Colds And Flu: Prevention And Treatment Tips
I always like to start by saying, the flu shot is your best shot at preventing an influenza infection. While it’s best to get immunized early in the flu season, we often continue to recommend getting the flu vaccine well into May. Call you doctor’s office, go to your local pharmacy, or use the CDC’s Vaccine Finder to locate the vaccine available in your zip code. Remember, if you have a baby, they will need two doses (separated by 28 days or more), and if your child is under the age of nine and they have never had the flu vaccine before, they’ll need two doses this year, too!
Is It The Flu Or A Cold?
The CDC has a great chart to help decipher between the common cold and influenza. Sometimes you’ll never know what is in your house and body (!) unless you go in and get tested to identify the virus of cause. But in general, influenza causes a more abrupt onset of illness. You’re fine and then, BAMMO. Influenza often causes severe “cold” symptoms, a high fever, runny nose, cough, congestion, and can lead to things like pneumonia, ear infections, long-lasting fever, dehydration, etc. Young children are at a higher risk for more serious disease (and hospitalization) than older children, so parents should check in with their physician if they are concerned about their infant or toddler’s infection when the flu is peaking.
Most of the time children just look crummy when they get the flu: tired, clingy, feverish, coughing, and lack energy. If this comes on suddenly or parents worry about dehydration, rapid breathing, high fever or lethargy, they should call their child’s healthcare team. Abrupt symptom onset, fever, aches, chills, fatigue, cough, and headache are common. So are muscle aches, especially in the lower legs. I often tell families that influenza makes people feel so bad that patients will complain their hair hurts or even their skin.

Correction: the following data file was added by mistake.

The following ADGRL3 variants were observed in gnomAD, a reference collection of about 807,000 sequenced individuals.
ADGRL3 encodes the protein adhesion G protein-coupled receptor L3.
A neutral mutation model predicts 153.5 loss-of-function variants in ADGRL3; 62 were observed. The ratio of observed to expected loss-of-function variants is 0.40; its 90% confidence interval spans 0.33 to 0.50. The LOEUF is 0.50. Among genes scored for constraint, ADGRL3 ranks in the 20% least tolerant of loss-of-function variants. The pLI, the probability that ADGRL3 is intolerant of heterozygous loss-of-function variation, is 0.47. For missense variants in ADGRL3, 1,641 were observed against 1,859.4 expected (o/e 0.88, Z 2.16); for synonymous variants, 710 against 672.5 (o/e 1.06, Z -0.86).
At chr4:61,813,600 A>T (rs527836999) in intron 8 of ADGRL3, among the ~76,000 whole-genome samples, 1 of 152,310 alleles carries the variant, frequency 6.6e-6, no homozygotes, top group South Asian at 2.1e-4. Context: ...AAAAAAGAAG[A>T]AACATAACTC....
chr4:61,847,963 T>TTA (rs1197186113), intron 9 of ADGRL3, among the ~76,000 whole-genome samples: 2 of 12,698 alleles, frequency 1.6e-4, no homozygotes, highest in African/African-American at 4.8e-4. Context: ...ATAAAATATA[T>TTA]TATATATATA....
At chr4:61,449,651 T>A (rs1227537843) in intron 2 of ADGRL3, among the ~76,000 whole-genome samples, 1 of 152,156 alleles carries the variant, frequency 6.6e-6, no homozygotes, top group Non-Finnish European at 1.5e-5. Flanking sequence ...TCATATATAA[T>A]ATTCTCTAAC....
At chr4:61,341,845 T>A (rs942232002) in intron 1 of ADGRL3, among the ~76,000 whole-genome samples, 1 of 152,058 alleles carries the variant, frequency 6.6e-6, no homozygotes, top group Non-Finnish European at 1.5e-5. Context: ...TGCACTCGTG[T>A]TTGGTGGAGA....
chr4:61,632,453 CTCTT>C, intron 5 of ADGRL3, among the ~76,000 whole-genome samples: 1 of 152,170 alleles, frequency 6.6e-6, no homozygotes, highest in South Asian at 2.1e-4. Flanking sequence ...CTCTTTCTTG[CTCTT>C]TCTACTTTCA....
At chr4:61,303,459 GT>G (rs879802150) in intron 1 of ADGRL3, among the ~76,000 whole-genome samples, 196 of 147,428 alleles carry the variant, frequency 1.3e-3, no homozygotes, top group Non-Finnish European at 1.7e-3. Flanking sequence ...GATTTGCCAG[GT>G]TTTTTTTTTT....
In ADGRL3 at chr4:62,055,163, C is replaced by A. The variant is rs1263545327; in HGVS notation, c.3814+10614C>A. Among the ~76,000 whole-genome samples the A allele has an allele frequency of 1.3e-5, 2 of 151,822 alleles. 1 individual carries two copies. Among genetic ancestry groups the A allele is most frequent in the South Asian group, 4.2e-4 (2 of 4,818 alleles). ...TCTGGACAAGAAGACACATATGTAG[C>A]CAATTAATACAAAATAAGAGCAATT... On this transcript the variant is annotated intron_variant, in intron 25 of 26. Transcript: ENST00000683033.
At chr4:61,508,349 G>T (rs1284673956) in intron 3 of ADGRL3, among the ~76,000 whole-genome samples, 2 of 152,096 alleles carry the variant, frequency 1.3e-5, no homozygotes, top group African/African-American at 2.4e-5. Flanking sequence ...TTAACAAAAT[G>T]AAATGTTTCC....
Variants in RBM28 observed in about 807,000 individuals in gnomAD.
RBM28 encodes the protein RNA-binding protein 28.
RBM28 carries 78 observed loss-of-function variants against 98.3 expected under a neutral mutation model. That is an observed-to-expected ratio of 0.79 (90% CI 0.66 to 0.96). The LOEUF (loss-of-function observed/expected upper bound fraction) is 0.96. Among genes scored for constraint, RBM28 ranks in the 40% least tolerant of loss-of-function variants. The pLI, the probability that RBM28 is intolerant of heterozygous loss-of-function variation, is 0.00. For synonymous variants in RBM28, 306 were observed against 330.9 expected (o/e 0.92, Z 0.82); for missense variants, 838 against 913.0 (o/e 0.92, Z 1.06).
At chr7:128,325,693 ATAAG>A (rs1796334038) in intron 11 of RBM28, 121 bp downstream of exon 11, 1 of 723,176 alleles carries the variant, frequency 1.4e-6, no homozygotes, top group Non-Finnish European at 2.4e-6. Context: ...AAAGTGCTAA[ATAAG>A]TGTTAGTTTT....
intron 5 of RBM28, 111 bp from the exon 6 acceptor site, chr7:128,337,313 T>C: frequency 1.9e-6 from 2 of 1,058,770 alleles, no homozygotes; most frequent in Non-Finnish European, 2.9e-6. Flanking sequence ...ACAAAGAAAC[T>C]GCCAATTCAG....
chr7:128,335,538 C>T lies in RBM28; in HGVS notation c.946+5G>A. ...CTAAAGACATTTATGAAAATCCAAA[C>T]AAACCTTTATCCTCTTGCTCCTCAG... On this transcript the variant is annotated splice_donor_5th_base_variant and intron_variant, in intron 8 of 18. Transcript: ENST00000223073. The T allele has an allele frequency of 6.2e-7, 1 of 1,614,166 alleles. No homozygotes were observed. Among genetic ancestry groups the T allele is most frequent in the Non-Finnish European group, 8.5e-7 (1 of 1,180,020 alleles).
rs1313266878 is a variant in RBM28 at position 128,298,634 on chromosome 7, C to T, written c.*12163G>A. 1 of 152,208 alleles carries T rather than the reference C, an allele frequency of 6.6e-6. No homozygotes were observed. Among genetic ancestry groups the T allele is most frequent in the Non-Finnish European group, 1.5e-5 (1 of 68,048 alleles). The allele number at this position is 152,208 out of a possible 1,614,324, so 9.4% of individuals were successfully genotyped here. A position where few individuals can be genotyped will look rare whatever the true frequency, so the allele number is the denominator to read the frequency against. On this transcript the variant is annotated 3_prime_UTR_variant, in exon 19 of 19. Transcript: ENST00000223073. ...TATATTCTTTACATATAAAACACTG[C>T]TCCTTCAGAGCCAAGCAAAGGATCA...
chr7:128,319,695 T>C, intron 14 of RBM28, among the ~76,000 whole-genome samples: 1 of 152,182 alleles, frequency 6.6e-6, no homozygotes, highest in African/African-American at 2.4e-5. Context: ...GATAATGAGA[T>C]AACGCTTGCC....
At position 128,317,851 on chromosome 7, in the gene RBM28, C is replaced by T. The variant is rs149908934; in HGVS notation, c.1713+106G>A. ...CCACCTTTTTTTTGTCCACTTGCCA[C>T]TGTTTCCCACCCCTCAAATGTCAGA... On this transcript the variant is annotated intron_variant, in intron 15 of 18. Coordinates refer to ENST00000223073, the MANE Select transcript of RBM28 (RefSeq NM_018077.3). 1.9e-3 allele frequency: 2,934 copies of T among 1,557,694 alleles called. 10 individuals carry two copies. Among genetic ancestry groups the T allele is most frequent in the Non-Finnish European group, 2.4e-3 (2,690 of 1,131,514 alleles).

Ways to Prevent and Treat the Flu and Flu-Like Symptoms
There is no cure for influenza (antibiotics don’t treat the virus), and antivirals only lessen symptoms. Thankfully, there are over-the-counter (OTC) products that do help ease symptoms & side effects from viruses (including influenza) that cause cold symptoms. First off, cough and cold medicines are not typically recommended in children under the age of four. So most of all, you should reach for anti-fever meds, like acetaminophen or ibuprofen, as it’s the fever that can make us feel so bad.
In addition, we have to be smart about using medicines that contain more than one ingredient to treat different symptoms. Be careful to avoid double-dosing. Being aware of the ingredients in the OTC product you’re using is very important because you don’t want to take another product that includes the same ingredients as another (doubling-up). This can happen if you give your child acetaminophen, for example, for fever and then give a cough and cold medicine containing that same ingredient.
Additionally, if you are taking prescription medicines, know that OTC medicines can interact with those medicines so check with your physician if you or your child is on daily medicines. There are four main OTC treatments that can help treat flu symptoms.
4 OTC Treatments for Battling “Flu” Symptoms:
- Mucus Thinners: sometimes flu viruses trigger the body to produce a large amount of thick mucus. This mucus can be especially pesky at night pooling in the back of the throat and triggering more cough. If you feel that you are having trouble coughing out the mucus, it’s because sometimes it’s thicker. Medications with the active ingredient guaifenesin can be helpful and sometimes thin the mucus to make it easier to clear.
- Pain Relievers/Fever Reducers: ibuprofen and acetaminophen can reduce fevers, body and headaches associated with the flu. No question this is typically the medicine category that will make your child feel better with a virus that causes a fever.
- Cough Medicine: cough suppressants are helpful if your cough is keeping you awake at night, or if your chest or belly are becoming uncomfortably sore from coughing. Dextromethorphan is the most common active ingredient in cough medication. Since cough medicine shouldn’t be used in children under the age of four, I recommend honey sticks to my patients over the age of one. Research shows honey can help with productive nighttime coughing. Use a teaspoon in some warm lemon water or give it to your child directly.
- Decongestants: if your nose is stuffed making it difficult for you to breathe, decongestants help to reduce the swelling of your membranes in your nose and open the nasal airway slightly. Active ingredients in decongestants include pseudoephedrine or phenylephrine. Decongestants are not safe for children under the age of four. For children over the age of four, it’s important to note that many decongestants make it hard for children to sleep, so try them first in the daytime.